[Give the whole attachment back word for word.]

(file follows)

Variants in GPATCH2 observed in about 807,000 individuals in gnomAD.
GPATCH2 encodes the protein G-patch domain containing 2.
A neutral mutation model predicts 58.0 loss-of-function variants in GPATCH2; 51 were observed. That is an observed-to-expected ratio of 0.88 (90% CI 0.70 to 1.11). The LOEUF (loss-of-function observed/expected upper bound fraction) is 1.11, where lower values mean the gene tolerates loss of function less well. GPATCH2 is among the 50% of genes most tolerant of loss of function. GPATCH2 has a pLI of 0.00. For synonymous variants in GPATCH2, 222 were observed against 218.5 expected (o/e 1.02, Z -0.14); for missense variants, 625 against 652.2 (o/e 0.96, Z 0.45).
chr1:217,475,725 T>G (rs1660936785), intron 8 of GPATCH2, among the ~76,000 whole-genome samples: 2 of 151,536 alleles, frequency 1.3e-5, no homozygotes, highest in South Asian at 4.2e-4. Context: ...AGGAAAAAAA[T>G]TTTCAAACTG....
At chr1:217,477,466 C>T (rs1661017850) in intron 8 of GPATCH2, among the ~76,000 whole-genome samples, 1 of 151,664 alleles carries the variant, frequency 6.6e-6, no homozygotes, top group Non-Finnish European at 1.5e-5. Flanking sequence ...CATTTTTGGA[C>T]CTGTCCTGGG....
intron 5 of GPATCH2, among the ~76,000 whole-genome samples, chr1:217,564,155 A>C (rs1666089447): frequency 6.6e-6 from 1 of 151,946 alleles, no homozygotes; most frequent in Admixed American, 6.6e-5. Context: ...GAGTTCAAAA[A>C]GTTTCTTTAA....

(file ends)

Variants in GPATCH2 observed in about 807,000 individuals in gnomAD.
GPATCH2 encodes the protein G-patch domain containing 2.
A neutral mutation model predicts 58.0 loss-of-function variants in GPATCH2; 51 were observed. That is an observed-to-expected ratio of 0.88 (90% CI 0.70 to 1.11). The LOEUF (loss-of-function observed/expected upper bound fraction) is 1.11, where lower values mean the gene tolerates loss of function less well. GPATCH2 is among the 50% of genes most tolerant of loss of function. GPATCH2 has a pLI of 0.00. For synonymous variants in GPATCH2, 222 were observed against 218.5 expected (o/e 1.02, Z -0.14); for missense variants, 625 against 652.2 (o/e 0.96, Z 0.45).
chr1:217,475,725 T>G (rs1660936785), intron 8 of GPATCH2, among the ~76,000 whole-genome samples: 2 of 151,536 alleles, frequency 1.3e-5, no homozygotes, highest in South Asian at 4.2e-4. Context: ...AGGAAAAAAA[T>G]TTTCAAACTG....
At chr1:217,477,466 C>T (rs1661017850) in intron 8 of GPATCH2, among the ~76,000 whole-genome samples, 1 of 151,664 alleles carries the variant, frequency 6.6e-6, no homozygotes, top group Non-Finnish European at 1.5e-5. Flanking sequence ...CATTTTTGGA[C>T]CTGTCCTGGG....
intron 5 of GPATCH2, among the ~76,000 whole-genome samples, chr1:217,564,155 A>C (rs1666089447): frequency 6.6e-6 from 1 of 151,946 alleles, no homozygotes; most frequent in Admixed American, 6.6e-5. Context: ...GAGTTCAAAA[A>C]GTTTCTTTAA....